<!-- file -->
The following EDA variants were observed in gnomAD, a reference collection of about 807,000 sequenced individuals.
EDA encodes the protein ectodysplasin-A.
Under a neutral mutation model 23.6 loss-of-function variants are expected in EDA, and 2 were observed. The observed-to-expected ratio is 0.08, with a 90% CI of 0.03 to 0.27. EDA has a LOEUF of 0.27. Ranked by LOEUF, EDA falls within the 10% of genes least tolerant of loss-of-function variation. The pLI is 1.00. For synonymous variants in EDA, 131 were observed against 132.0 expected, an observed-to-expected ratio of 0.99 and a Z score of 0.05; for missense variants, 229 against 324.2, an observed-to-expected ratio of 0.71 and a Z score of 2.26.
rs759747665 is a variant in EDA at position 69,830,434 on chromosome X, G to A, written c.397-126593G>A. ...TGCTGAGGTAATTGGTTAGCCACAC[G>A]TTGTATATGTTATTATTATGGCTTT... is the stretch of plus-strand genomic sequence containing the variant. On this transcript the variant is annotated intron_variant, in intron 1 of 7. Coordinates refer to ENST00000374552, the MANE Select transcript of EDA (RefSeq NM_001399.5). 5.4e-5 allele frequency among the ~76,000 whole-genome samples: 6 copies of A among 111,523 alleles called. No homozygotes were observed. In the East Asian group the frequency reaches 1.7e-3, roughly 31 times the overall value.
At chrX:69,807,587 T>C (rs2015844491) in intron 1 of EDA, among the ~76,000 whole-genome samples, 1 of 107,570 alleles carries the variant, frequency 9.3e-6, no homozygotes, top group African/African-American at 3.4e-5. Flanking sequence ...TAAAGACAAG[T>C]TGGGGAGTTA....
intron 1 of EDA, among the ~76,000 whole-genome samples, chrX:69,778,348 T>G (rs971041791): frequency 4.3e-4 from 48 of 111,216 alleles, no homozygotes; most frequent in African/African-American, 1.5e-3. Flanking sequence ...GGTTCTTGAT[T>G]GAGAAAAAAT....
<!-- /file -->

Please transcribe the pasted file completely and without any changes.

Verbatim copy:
The following EDA variants were observed in gnomAD, a reference collection of about 807,000 sequenced individuals.
EDA encodes the protein ectodysplasin-A.
Under a neutral mutation model 23.6 loss-of-function variants are expected in EDA, and 2 were observed. The observed-to-expected ratio is 0.08, with a 90% CI of 0.03 to 0.27. EDA has a LOEUF of 0.27. Ranked by LOEUF, EDA falls within the 10% of genes least tolerant of loss-of-function variation. The pLI is 1.00. For synonymous variants in EDA, 131 were observed against 132.0 expected, an observed-to-expected ratio of 0.99 and a Z score of 0.05; for missense variants, 229 against 324.2, an observed-to-expected ratio of 0.71 and a Z score of 2.26.
rs759747665 is a variant in EDA at position 69,830,434 on chromosome X, G to A, written c.397-126593G>A. ...TGCTGAGGTAATTGGTTAGCCACAC[G>A]TTGTATATGTTATTATTATGGCTTT... is the stretch of plus-strand genomic sequence containing the variant. On this transcript the variant is annotated intron_variant, in intron 1 of 7. Coordinates refer to ENST00000374552, the MANE Select transcript of EDA (RefSeq NM_001399.5). 5.4e-5 allele frequency among the ~76,000 whole-genome samples: 6 copies of A among 111,523 alleles called. No homozygotes were observed. In the East Asian group the frequency reaches 1.7e-3, roughly 31 times the overall value.
At chrX:69,807,587 T>C (rs2015844491) in intron 1 of EDA, among the ~76,000 whole-genome samples, 1 of 107,570 alleles carries the variant, frequency 9.3e-6, no homozygotes, top group African/African-American at 3.4e-5. Flanking sequence ...TAAAGACAAG[T>C]TGGGGAGTTA....
intron 1 of EDA, among the ~76,000 whole-genome samples, chrX:69,778,348 T>G (rs971041791): frequency 4.3e-4 from 48 of 111,216 alleles, no homozygotes; most frequent in African/African-American, 1.5e-3. Flanking sequence ...GGTTCTTGAT[T>G]GAGAAAAAAT....